After students complete timed reading, they write their scores on the linesunder Timed Reading. Their scores are made from number of words readminus 1 point for each missed word. Have students do 3 one-minutetimed readings or 3 two- minute timed readings. Between timings, askstudents to look over the selection, reread it, and practice words thatcaused difficulty. Students circle their best scores. Students gain readingskills, and also enjoy timed readings. Repeat previous timed readings forstudents to improve their scores. Making graphs of their timed readingscores motivates students. Graph masters are on pages 8 and 9.

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    PAGE 6 (READING WITH EXPRESSION)

    Reading with expression is important for developing comprehension of apassage.

    Use pages 1 and 2, Phrase-Cued Text, for the first passage practice.Students track under the words and read along with you as you read withexpression at a normal reading pace.

    Use page 6, Regular Text. Students track under words and read alongwith you as you read with expression at a normal reading pace. If studentsneed additional practice, they read to themselves or to student partners.Listen to as many students expressive readings as possible. Do notrequire students to read to the class unless they volunteer. Forcomprehension development, ask students questions about the passagesand discuss the passages.

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    REPEATED READING GRAPH (Graph 1)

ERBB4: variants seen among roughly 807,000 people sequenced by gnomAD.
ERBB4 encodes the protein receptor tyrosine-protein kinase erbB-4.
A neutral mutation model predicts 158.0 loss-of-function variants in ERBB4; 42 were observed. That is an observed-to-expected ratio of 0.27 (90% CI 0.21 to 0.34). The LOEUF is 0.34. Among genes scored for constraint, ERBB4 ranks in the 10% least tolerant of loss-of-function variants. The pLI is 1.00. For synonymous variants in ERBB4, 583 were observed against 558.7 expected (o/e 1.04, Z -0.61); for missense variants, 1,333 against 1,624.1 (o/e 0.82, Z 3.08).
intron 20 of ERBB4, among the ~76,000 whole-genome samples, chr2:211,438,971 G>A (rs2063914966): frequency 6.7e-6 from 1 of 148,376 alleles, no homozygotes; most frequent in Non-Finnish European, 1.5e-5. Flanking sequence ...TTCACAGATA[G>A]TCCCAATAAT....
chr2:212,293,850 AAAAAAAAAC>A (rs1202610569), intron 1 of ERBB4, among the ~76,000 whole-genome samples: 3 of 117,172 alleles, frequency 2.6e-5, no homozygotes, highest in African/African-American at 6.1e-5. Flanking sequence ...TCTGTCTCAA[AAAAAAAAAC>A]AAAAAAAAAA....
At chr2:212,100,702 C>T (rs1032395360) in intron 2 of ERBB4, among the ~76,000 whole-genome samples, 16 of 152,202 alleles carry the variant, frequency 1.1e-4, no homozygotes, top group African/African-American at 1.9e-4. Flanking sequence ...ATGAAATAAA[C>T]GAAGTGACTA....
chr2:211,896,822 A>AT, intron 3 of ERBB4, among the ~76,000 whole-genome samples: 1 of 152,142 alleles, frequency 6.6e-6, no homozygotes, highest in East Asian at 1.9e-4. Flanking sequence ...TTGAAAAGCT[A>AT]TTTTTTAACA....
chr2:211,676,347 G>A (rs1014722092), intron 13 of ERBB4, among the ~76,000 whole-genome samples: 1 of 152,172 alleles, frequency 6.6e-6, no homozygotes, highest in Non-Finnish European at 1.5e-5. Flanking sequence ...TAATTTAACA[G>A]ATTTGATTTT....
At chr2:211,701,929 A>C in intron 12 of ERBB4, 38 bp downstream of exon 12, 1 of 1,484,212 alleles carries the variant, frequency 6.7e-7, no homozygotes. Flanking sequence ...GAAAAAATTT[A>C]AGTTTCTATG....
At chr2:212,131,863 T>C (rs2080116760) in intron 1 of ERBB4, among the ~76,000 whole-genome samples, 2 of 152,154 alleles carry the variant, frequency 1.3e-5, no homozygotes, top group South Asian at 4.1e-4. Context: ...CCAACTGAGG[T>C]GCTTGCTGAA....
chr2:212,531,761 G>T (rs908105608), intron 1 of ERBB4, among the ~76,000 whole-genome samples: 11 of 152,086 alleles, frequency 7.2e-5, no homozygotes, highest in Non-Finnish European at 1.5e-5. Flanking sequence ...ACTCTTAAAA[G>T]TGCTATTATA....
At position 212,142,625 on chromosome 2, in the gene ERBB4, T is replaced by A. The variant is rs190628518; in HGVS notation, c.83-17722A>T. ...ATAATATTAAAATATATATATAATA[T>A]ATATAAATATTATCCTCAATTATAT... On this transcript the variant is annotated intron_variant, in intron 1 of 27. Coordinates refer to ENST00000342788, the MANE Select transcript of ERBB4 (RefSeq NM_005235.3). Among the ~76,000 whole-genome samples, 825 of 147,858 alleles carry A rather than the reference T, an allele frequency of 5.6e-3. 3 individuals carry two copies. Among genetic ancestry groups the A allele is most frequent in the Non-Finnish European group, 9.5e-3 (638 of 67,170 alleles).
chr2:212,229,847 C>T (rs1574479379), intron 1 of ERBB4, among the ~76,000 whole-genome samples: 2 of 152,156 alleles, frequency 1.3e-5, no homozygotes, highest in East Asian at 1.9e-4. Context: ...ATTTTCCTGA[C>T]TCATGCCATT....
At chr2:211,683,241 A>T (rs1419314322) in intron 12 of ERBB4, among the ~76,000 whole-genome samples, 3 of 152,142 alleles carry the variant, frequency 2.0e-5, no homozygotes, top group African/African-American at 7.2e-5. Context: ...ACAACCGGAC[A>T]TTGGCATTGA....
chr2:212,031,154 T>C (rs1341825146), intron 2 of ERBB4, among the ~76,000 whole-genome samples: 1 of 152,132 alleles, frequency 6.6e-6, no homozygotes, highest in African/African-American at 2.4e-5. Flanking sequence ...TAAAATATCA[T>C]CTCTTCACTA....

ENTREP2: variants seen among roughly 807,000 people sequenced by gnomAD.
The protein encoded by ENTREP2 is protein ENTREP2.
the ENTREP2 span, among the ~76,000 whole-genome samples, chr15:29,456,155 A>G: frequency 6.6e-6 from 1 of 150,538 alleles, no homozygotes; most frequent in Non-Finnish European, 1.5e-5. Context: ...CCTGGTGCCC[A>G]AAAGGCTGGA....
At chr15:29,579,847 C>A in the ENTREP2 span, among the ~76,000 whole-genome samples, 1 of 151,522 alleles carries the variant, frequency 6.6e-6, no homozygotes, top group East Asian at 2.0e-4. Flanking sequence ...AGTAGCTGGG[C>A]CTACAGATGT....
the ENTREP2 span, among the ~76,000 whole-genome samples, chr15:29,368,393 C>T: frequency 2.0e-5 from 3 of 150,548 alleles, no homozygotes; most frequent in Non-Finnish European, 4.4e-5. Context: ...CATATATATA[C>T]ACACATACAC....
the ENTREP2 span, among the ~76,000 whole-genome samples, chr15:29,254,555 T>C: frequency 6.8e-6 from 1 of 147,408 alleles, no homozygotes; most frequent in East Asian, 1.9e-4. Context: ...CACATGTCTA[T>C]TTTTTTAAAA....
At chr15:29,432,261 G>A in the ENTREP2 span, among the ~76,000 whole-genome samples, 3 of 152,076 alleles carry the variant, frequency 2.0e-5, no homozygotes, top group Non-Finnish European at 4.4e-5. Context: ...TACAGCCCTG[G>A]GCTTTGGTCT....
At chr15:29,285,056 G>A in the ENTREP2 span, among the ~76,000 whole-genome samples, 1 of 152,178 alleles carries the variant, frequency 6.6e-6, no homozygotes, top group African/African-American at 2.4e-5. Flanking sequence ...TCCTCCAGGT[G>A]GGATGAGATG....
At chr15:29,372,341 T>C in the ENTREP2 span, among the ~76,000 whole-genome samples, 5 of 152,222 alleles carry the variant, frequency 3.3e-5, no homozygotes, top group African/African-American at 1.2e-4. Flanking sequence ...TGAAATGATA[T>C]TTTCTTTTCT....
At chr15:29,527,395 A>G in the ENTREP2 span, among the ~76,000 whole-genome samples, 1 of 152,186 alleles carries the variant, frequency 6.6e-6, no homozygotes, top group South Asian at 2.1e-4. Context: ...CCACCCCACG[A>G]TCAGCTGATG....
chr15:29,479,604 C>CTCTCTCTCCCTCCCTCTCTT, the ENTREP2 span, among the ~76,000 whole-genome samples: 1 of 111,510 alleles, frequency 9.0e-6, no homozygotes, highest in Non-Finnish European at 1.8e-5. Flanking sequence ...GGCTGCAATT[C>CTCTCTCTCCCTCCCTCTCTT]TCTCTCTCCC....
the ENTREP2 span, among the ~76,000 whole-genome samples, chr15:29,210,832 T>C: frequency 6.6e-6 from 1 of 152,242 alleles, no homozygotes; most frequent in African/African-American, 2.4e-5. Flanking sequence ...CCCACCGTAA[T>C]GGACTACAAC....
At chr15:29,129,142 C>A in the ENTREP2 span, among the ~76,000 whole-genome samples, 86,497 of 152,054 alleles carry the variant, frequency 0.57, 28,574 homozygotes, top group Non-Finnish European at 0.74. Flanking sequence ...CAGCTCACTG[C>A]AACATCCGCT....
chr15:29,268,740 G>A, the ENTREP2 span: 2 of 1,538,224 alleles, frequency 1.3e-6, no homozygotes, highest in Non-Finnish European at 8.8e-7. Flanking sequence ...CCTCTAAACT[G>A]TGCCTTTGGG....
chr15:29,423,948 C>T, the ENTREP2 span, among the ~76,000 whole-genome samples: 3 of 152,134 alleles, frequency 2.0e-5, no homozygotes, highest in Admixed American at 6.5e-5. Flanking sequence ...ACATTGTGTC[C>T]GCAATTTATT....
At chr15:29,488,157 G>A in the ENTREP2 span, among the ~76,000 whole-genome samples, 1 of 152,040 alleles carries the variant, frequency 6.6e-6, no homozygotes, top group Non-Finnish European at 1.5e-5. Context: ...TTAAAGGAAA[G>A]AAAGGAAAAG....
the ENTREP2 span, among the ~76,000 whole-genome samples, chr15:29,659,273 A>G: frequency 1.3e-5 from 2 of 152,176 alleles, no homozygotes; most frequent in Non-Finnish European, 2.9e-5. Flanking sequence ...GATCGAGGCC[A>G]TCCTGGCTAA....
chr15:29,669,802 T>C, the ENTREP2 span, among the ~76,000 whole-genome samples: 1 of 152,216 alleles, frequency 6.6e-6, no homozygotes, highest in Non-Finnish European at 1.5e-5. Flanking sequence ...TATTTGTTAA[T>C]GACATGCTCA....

Student:____________________________Book: ____________________________

    Check One50 Word Passage

    100 Word Passage

    1 2 3

    4000

    5000

    6000

    7000

    8000

    MasteryRange

    10000

    90000

    Trial # 1Words Read ______Errors ______Score ______

    Trial # 2Words Read ______Errors ______Score ______

    Trial # 3Words Read ______Errors ______Score ______

    [Type

    a

    quote

    from

    the

    document

    or

    the

    summary

    of

    a

    [Type

    a

    quote

    from

    the

    document

    or

    the

    summary

    of

    3000

    Words Per Minute

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    REPEATED READING GRAPH (Graph 2)

    Student:____________________________Book: ____________________________

    Check One50 Word Passage

    100 Word Passage

    1 2 3

    8000

    9000

    100

    110

    120

    MasteryRange

    14000

    130Trial # 1Words Read ______Errors ______Score ______

    Trial # 2Words Read ______Errors ______Score ______

    Trial # 3Words Read ______Errors ______Score ______

    [Type

    a

    quote

    from

    the

    document

    or

    the

    summary

    of

    a

    [Type

    a

    quote

    from

    the

    document

    or

    the

    summary

    of

    7000

    Words Per Minute

  • COPYRIGHT 2012, GLAVACH & ASSOCIATES 1

    HorsesPeople love horses.// There

    are different / kinds of horses.//

    There are / huge draft horses.//

    They are over / 7 feet tall.//

    There are / small horses.//

    Some / are called ponies.//

    One kind / is smaller than /

    most dogs.//

    Once,/ horses were used / for

    work on farms.// They pulled

    plows / and farm carts.// Now,/

    tractors are used / for most

    farm work.// In some places /

    horses still / are used for

    work.// But today,/ horses are

    used / mostly for / trail-riding,/

    showing,/ and more.//

    LESSON 1

    Phrase-Cued Text

  • COPYRIGHT 2012, GLAVACH & ASSOCIATES 2

    Horses (continued)Here are / some interesting facts /

    about horses.// They can sleep /

    lying down.// They can sleep /

    standing up.// Horses gallop / at

    about / 27 miles per hour.// The

    fastest speed / of a horse / is 55 /

    miles per hour.// Horses eat /

    grass,/ oats, / hay,/ and other

    plants.//